MCC’s criminal justice program prepares students for careers in corrections, law enforcement and more.
Criminal justice encompasses prison and police work, community and police relations, criminal law, probation and parole. The skills required are just as varied.
“There are a lot of job opportunities, but they are competitive,” says Montcalm Community College Vice President for Student & Academic Affairs Rob Spohr. “Organizations are selective about hiring individuals with the right training and personality for the job.”
Training for a variety of opportunities
MCC offers an Associate of Applied Science in Criminal Justice, a Criminal Justice certificate and two job training programs.
In addition, agreements with Ferris State University (FSU) and Kaplan University allow students a seamless transfer to pursue a bachelor’s degree in the field, while students interested in pursuing a business-related career in criminal justice enjoy the same opportunity with Davenport University and FSU.
With as many as 10,000 employees eligible to retire in 2016, the Michigan Department of Corrections earlier this year announced plans to hire about 1,000 corrections officers and that many in subsequent years, as needs arise.
Kendra Backing, MCC alumna and Evart Chief of Police
To prepare students for these jobs, MCC and Central Area Michigan Works! partnered to offer a criminal justice fast track. The 15-credit program prepares students who are interested in careers as corrections officers with the basic coursework required to be eligible to enter the Michigan Department of Corrections training academy. Each MCC class is three weeks in length, so students can complete all of their requirements in just one semester.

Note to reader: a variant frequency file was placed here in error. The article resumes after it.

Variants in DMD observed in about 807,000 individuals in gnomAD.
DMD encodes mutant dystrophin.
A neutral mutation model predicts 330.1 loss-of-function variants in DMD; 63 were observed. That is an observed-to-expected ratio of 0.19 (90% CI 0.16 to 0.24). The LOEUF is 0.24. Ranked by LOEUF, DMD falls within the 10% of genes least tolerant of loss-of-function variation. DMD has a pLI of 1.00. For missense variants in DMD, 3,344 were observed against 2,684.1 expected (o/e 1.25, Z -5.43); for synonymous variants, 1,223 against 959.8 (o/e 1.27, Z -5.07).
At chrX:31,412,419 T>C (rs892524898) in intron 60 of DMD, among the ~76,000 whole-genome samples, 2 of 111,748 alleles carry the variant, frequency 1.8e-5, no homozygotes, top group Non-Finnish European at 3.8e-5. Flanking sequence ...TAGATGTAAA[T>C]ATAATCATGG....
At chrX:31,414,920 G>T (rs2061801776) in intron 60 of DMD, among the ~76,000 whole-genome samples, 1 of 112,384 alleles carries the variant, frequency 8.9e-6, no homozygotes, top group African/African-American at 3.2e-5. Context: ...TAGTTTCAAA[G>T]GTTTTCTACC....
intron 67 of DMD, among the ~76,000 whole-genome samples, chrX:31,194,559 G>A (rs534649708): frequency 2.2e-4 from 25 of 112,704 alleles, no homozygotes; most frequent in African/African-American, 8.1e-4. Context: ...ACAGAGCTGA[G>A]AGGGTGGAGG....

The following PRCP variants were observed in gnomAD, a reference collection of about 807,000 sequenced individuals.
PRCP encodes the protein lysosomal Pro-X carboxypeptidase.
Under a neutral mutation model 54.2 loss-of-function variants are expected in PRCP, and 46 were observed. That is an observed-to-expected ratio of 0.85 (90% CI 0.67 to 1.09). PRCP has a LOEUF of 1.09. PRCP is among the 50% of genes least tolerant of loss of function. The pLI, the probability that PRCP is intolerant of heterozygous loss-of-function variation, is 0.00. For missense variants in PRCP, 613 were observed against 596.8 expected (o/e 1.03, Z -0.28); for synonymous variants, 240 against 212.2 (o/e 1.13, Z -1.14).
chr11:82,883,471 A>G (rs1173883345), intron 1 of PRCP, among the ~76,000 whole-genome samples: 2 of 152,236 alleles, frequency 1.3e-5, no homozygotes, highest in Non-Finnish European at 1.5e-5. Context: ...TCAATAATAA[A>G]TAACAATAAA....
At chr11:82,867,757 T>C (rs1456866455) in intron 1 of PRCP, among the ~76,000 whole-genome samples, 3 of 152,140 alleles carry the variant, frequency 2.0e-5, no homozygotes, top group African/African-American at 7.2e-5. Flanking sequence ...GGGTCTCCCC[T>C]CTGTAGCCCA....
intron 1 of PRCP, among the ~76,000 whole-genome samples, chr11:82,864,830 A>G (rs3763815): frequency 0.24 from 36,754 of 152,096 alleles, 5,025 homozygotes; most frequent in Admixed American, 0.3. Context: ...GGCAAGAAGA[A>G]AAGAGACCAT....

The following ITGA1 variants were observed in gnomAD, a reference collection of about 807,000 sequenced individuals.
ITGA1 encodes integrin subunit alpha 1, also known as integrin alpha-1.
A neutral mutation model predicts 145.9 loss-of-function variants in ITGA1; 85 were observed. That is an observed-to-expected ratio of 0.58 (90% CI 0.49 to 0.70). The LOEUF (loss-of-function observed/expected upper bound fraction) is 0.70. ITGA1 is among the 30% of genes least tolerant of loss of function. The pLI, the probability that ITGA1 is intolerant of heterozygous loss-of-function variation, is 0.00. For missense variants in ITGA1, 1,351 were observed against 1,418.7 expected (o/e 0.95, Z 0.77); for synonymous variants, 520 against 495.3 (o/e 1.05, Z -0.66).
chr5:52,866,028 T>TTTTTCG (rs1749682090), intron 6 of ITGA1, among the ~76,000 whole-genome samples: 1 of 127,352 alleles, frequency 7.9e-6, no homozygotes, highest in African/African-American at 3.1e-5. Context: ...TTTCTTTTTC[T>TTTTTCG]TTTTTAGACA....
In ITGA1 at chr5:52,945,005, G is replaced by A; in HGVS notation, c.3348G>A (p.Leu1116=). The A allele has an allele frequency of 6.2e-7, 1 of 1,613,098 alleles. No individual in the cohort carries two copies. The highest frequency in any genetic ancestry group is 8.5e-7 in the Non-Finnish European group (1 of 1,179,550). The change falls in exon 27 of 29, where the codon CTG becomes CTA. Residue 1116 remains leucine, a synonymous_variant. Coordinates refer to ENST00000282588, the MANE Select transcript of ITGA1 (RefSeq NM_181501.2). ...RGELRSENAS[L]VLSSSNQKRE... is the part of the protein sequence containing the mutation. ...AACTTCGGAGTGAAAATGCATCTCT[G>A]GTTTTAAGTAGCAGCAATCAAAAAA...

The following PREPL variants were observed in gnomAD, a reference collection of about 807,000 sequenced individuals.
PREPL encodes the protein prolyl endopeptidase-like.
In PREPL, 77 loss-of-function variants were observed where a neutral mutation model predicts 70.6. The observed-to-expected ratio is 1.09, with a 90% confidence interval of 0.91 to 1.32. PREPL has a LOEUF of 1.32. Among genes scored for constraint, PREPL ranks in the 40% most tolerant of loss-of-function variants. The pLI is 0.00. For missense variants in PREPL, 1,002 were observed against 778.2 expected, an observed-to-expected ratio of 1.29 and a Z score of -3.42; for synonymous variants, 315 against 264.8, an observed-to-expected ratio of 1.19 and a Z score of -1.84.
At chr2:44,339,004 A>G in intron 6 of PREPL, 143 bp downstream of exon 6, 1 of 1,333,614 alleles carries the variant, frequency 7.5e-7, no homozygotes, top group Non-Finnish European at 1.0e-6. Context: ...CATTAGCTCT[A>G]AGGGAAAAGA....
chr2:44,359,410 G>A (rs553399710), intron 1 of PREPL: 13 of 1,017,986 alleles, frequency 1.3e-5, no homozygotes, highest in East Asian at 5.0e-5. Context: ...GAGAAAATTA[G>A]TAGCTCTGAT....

“This is exactly what makes community colleges unique,” Spohr says. “The Department of Corrections identified an immediate need for thousands of corrections officers, and we were able to create the fast track program and have qualified graduates within just a few months.”
MCC’s criminal justice programs combine traditional lecture-style classes with hands-on learning experiences. Every year, students take multiple field trips to tour prisons and courts, and to ride along with law enforcement on patrols.
Glennes Page, a part-time criminal justice instructor at MCC, says it’s important for students to get personal experience so they gain a better understanding of the requirements of various careers in the field. Students are required to tour the Michigan Reformatory Correctional Facility in Ionia, as well as Ionia Correctional Facility, or I-MAX.
“They need to get a look at what they will be doing,” Page says, “to have a better understanding of whether it’s the right career choice for them.”
In addition, students teach life skills classes inside the prison during which they learn about client relations.
“It tests the students’ boundaries and whether they can put concepts into practice,” Page says. “It also gives them insight as to how prisoners interact with them. If they’re going to work in a prison, they have to have good boundaries.”
Activities outside of the classroom
MCC’s Justice Studies Club is for students who are interested in the legal, criminal justice or corrections fields.
The club will host a Corrections Career Forum this winter to connect students with professionals in corrections as well as other criminal justice areas.